Professor Wainwright and his colleagues claim that their findings could be “revolutionary” and will “completely change our view of biology and evolution”.

They collected their samples after launching the balloon into the atmosphere near to Chester on 31 July 2013.

It carried microscopic studs in a drawer that opened for 17 minutes in the stratosphere so that particulate material in the atmosphere would attach to them.

The samples were taken at altitudes between 13 miles and 16 miles.

The balloon landed close to Wakefield and was taken to the laboratory where the studs were placed under an electron microscopes to searchfor signs of life.

The researchers insist they swabbed the balloon with alcohol before launch and took other precautions to prevent contamination of the samples.

Earlier this year scientists working with Nasa announced they too had discovered bacteria living between four and five miles above the Earth’s surface.

Air samples taken from the upper troposphere by an aircraft revealed 314 different types of bacteria in the air above the Atlantic Ocean and the US.

However, they concluded that much of the bacteria, which accounted for 20 per cent of the particles they collected, were thrown up there by the movement of air as hurricanes formed.

A team of British researchers, who are separate from the scientists in Sheffield, have this week also set off on a 2,000 mile expedition to take samples from clouds in an effort to search for signs of life.

The Cloud Lab expedition, which is being filmed by the BBC, will use Nasa instruments to analyse samples for signs bacteria and fungi in clouds at up to 8,000 feet.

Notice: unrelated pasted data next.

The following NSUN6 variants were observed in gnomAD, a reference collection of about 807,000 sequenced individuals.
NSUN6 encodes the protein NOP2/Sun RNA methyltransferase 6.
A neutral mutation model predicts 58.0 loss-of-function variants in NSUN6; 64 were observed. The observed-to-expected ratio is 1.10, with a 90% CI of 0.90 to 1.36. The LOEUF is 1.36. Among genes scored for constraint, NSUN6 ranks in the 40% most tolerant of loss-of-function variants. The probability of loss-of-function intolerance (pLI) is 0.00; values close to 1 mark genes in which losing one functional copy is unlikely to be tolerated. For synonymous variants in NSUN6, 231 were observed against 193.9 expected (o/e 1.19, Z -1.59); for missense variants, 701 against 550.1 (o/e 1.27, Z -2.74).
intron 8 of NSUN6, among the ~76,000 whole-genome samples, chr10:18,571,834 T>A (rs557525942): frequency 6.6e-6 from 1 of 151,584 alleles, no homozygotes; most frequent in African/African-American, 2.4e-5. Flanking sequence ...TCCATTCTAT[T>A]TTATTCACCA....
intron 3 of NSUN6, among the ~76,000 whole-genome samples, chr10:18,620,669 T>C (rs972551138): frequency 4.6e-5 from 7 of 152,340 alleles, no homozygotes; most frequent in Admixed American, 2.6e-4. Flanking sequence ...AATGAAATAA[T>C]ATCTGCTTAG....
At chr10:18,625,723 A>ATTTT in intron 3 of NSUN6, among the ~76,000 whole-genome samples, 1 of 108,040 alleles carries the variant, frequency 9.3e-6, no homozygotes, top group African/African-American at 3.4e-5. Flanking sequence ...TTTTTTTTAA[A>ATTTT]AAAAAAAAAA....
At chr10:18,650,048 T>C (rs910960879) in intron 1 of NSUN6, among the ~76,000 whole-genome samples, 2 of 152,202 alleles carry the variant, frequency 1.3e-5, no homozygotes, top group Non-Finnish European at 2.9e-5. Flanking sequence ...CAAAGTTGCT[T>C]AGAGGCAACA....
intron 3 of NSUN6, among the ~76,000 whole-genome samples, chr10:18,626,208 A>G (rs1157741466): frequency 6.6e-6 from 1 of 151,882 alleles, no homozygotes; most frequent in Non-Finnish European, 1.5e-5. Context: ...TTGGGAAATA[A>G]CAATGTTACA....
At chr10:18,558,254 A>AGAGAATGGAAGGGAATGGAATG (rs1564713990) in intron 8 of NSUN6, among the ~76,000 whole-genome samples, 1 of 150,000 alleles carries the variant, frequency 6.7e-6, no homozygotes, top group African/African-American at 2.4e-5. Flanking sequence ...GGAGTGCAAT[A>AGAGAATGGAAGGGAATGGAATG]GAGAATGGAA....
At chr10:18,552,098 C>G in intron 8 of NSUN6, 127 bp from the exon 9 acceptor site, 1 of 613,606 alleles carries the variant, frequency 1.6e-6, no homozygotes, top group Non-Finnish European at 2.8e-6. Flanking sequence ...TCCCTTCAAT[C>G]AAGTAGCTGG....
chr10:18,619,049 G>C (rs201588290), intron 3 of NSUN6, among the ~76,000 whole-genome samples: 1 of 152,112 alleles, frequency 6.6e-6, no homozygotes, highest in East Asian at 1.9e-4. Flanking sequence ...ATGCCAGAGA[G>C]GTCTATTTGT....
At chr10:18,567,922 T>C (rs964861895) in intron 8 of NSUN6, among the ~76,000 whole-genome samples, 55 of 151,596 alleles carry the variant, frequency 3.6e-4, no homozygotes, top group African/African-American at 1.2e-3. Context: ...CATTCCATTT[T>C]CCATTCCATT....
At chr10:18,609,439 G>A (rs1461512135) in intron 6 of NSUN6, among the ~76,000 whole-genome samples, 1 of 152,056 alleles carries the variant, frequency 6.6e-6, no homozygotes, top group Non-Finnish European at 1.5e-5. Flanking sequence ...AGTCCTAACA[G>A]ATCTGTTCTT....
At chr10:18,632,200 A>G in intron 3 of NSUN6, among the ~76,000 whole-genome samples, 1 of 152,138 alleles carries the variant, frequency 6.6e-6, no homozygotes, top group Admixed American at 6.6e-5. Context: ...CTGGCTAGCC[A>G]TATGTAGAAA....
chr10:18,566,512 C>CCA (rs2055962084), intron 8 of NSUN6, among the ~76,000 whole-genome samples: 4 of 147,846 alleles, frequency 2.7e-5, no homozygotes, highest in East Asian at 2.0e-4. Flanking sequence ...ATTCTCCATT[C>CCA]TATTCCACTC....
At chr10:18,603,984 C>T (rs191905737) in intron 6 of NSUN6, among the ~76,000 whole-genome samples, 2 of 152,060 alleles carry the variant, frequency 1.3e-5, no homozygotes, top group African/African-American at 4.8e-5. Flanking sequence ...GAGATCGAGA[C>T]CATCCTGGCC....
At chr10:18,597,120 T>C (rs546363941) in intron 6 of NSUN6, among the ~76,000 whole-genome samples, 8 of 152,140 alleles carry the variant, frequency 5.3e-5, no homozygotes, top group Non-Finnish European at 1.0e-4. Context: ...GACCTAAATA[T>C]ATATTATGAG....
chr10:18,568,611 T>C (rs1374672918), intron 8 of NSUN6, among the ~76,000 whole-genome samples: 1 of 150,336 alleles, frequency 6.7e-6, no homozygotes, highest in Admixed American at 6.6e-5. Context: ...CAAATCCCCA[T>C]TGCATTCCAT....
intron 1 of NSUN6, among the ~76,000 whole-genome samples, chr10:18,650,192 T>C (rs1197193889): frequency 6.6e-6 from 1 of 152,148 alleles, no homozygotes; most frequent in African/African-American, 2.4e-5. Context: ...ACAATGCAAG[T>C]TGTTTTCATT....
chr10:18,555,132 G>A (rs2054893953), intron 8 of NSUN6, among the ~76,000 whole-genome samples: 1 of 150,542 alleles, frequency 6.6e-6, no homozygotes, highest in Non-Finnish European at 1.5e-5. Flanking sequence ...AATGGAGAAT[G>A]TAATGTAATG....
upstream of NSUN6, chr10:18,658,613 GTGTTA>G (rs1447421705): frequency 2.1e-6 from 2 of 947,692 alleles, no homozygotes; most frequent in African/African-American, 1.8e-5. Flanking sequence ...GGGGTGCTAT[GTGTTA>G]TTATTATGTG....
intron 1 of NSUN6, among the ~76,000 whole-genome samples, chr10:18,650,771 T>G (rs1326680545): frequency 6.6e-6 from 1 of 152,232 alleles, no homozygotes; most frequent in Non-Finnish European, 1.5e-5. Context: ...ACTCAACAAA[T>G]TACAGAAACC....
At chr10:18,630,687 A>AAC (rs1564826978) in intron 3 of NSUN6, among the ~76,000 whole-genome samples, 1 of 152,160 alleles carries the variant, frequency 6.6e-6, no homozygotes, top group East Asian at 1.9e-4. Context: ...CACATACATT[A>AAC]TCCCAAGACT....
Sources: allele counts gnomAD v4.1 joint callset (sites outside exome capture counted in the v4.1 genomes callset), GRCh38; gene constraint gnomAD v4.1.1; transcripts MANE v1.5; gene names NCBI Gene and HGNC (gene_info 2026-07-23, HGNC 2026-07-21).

It is thought these microorganisms may play a key role in cloud formation by catalysing the formation of ice crystals, leading to water to condense around them to produce clouds.

Many of these organisms would likely fall to earth in rain drops.

Felicity Aston, the lead meteorologist on the Cloud Lab expedition and a former researcher at the British Antarctic Survey, said: “One of the holes in our knowledge about clouds is exactly how a cloud droplet grows and what makes it fall out the sky.

“It is really interesting to look not only at how life is affected by weather but how weather is affected by life – what role do these organisms play in cloud formation.”

Professor Wainwright and his colleagues now hope to carry out further tests using balloons next month to coincide with the Haley’s Comet-associated meteorite shower.

Prof Wainwright said that he hoped to conduct tests on any organisms found to help unravel where they are coming from.

He added: “If the ratio of certain isotopes gives one number then our organisms are from Earth, if it gives another, then they are from space.

“The tension will obviously be almost impossible to live with.”